MELBOURNE, Australia – For 35 Grand Slam tournaments, the words of an Irish poet became something of a mantra for Stan Wawrinka.
After one too many defeats, he had them inscribed on his left arm.
At each ball toss, if he cared to glance, he could see the words of Samuel Beckett: "Ever tried. Ever failed. No matter. Try Again. Fail again. Fail better."
He's going to have to come up with something new after beating top-ranked Rafael Nadal to win his first Grand Slam title at the Australian Open on Sunday night.
Nadal was clearly hampered by a back injury after the first set, but Wawrinka blocked that out of his mind to win 6-3, 6-2, 3-6, 6-3.
Coming into the first major of 2014, Wawrinka hadn't beaten No. 1-ranked Nadal in a dozen matches, and had a 14-match losing streak against No. 2 Novak Djokovic, who won three straight Australian Open titles from 2011-'13.
He wasn't even the highest-ranked player in Switzerland, not surprising considering he was playing in Roger Federer's generation.
"I had that quote in my head for a long time. It was part of my life, how I see the life, and especially how I see the tennis life," Wawrinka said of the Beckett quote.
He was pessimistic about anyone breaking the dominance of Federer, Nadal, Djokovic and Andy Murray – the so-called Big Four who accounted for all but one of the previous 35 major titles.
"It's not easy because tennis life, when you lose, it's tough to get through and to take a positive from a loss, from failing from a tournament," he said. "So that's how I see, in general, my career. I always go back to practice to try to improve myself and to give me all the chance to beat the best player in the world."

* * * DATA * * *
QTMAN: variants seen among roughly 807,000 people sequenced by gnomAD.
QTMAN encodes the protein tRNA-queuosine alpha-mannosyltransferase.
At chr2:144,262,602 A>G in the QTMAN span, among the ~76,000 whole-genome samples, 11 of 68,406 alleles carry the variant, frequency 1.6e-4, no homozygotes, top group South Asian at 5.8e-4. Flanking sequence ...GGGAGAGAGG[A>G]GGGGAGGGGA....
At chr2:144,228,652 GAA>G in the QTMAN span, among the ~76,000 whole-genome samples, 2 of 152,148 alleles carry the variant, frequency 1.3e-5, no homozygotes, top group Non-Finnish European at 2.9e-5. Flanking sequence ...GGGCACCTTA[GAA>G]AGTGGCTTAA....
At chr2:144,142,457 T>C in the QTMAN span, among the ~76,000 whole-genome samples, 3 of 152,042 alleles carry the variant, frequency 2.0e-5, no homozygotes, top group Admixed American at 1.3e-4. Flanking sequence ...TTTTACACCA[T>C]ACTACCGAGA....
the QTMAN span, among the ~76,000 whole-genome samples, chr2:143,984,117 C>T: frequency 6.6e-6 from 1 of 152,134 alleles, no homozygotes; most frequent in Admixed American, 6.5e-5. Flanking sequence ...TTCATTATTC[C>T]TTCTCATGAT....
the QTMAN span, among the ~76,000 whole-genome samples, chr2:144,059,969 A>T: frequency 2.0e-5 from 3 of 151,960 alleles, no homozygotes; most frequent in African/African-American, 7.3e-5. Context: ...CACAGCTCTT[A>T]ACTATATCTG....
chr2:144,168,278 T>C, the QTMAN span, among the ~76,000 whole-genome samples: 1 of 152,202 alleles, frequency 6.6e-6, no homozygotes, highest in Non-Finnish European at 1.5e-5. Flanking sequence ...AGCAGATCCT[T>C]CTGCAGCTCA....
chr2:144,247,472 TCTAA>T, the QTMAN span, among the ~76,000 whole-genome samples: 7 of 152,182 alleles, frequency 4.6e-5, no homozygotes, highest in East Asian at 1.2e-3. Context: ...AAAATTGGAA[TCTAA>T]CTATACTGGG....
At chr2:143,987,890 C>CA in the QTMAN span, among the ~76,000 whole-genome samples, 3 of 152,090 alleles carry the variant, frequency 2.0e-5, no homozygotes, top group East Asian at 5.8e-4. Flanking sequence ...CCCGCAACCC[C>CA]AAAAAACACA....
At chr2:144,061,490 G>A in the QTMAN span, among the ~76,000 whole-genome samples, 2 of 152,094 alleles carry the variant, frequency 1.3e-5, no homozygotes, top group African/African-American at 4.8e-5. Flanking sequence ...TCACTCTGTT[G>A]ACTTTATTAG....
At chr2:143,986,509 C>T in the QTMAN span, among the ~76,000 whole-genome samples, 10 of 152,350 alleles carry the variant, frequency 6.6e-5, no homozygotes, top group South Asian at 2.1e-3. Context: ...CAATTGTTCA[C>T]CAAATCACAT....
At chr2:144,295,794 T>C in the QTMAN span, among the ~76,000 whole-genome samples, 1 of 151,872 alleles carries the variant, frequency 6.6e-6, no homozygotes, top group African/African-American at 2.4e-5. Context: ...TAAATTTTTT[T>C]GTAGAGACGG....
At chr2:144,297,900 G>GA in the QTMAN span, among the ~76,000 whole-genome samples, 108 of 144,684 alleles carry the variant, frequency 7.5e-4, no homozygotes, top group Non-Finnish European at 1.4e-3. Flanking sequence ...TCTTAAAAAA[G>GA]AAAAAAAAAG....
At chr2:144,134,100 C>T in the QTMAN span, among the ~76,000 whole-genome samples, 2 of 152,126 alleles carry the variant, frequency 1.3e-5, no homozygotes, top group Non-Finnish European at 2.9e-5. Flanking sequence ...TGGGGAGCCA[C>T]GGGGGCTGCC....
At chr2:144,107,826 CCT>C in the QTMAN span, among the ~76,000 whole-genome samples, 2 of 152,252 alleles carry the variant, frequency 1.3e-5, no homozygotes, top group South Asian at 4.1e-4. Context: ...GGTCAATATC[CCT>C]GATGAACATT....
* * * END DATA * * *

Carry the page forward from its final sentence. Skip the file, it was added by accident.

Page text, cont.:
After being the first man in 21 years to beat the top two players en route to a major title – he beat Djokovic in the quarterfinals to avenge two five-set defeats to the Serbian in Grand Slams last year – Wawrinka will move from No. 8 to No. 3 in the rankings. That's a projected five spots in front Federer, a 17-time Grand Slam champion.
Not surprisingly, Federer was the first to call to congratulate Wawrinka, after the new champion spoke on the phone with his own family back in Switzerland.
"I didn't call so many [people], but my wife, my daughter, my sister, and Roger called me," said Wawrinka, still clutching the trophy at a news conference more than 2 hours later. "So, yeah, was nice for me. I know that he's really, really happy for me."
Federer had wanted an all-Swiss final but lost to Nadal in the semifinals – his 23rd loss in 33 matches against the Spaniard. Considering Wawrinka had only ever beaten Federer once, nobody really gave him a chance of stopping Nadal from becoming the first man to win each of the four major trophies twice in the Open era.
Nadal appeared to be on the verge of retiring in the second set, when he took a medical time out that frustrated Wawrinka. His service speed dropped dramatically, he wasn't retrieving as well as usual, and he was sweating on mistakes from the other side to pick up cheap points.
"It's really not the way you want to win a tennis match, but in a Grand Slam final I'll take it," Warwinka said.
Nadal has had cursed luck with injuries in Australia.
He won the title here in 2009 and lost the 2012 final to Djokovic. But he missed the 2013 edition during a 7-month layoff with knee injuries and illness, and his quarterfinal losses in 2010 and 2011 were affected by injuries.
"It has been a very emotional 2 weeks – I'm sorry to finish this way," he told the Rod Laver Arena crowd, at the same time commending Wawrinka for the way he played. "I tried very, very hard – this year was one of the more emotional tournaments in my career.
"Last thing that I wanted to do was retire. I hate to do that, especially in a final."